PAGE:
Michael Mansfield has been working in the telecom & data networks industry since 1986, having completed his apprenticeship whilst working at CAMTECH™ Electronics as part of the design team behind the famous Joint Academic NETwork [JNT X25] (JANet) the forerunner for what we now know as the internet.
Janet developed out of a number of local and research networks dating back to the 1970s. The JANet system first went live in April 1983, hosting about 50 sites with line speeds of 9.6 kbit/s. In the mid-80s the backbone was upgraded to a 2 Mbit/s backbone with 64 kbit/s access links, and a further upgrade in the early 1990s sped the backbone to 8 Mbit/s and the access links to 2 Mbit/s, making Janet the fastest X.25 network in the world.
Renowned for his in depth knowledge of both voice and data transmission protocols our founder has worked with some of the UK’s largest network providers, private corporations and government bodies whilst specialising in cyber counter-intelligence and network security.
Mitigation of risk and prevention rather than cure is key to creating a secure platform for computers, users and programs to perform their individual functions and in today’s business climate, network security must be top of the list of requirements for any I.T manager or online business.
The size of organisation is usually pretty irrelevant to most computer hackers, although for some the kudos of taking on the very biggest corporations is the driving factor behind any network attack. Most “unethical” attacks are carried out by individuals motivated by some kind of financial or commercial gain and whilst there are many things an organisation can do to reduce the risk of attack there is no such thing as being totally un-hackable but forewarned is forearmed.
We have over 30 years’ experience in network design and systems security and have worked with some of the UK’s largest government agencies and blue chip organisations. Our system security & evaluation skills are the same as those employed in signals intelligence and defence intelligence here in the UK.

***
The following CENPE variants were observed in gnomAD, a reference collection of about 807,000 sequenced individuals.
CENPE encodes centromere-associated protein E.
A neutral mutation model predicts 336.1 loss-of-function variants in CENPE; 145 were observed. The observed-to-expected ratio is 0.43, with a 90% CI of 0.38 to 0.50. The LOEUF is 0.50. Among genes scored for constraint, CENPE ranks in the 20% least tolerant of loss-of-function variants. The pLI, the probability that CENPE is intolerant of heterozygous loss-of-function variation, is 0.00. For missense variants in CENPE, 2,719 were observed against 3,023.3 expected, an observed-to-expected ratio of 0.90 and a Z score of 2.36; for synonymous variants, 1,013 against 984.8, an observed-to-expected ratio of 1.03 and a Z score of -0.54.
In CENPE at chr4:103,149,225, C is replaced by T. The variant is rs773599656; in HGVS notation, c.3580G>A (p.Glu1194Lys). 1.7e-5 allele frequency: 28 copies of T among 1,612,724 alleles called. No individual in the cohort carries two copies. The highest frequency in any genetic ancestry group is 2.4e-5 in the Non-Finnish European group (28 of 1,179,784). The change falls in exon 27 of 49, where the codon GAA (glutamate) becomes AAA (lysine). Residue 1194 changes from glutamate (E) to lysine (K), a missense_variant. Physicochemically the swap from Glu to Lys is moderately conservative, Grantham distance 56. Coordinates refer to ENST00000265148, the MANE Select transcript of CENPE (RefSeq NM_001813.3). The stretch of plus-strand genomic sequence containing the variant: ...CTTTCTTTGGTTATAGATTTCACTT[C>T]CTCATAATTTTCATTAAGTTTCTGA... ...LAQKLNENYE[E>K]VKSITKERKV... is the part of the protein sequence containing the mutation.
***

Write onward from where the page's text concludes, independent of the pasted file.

The term "white hat" refers to an ethical computer hacker, or a computer security expert who specialises in computer & network penetration testing to ensure the security of an organization's information systems and network. Ethical hacking is a term first coined by IBM and is meant to imply a broader category than just penetration testing. Contrasted with black hat, a malicious hacker, the name comes from Western films, where heroic and unfriendly cowboys would traditionally wear a white or black cowboy hat..
We offer a wide range of “pen test” services tailored to each individual client’s needs and system specific requirements. We document thoroughly the entire testing process and demonstrate system vulnerabilities by adding pre-agreed code to weak points in your corporate network.
The methods employed by our security specialists will be varied and designed to replicate “real world” attacks, whether by curious individuals or talented hacking teams and government agencies.
Aside from the regular penetration testing service on offer, we also conduct a more aggressive approach to breaking into your corporate network. This may involve social engineering tasks such as employee exploitation or the use of so called “honey pots” designed to catch the more sophisticated of network users.
Due to differing legislation worldwide, we only offer this service to UK based business, and only then upon the sanction of the board of directors. We do not offer this service to individual clients or those involved in political activities.
We recognise that not every business has the ability to recruit their own in house security specialist nor has the capacity to do so. With this in mind we offer a one-to-one consultancy service, where we take the place of that employee and can offer practical real time advice to management or those tasked with providing your I.T services.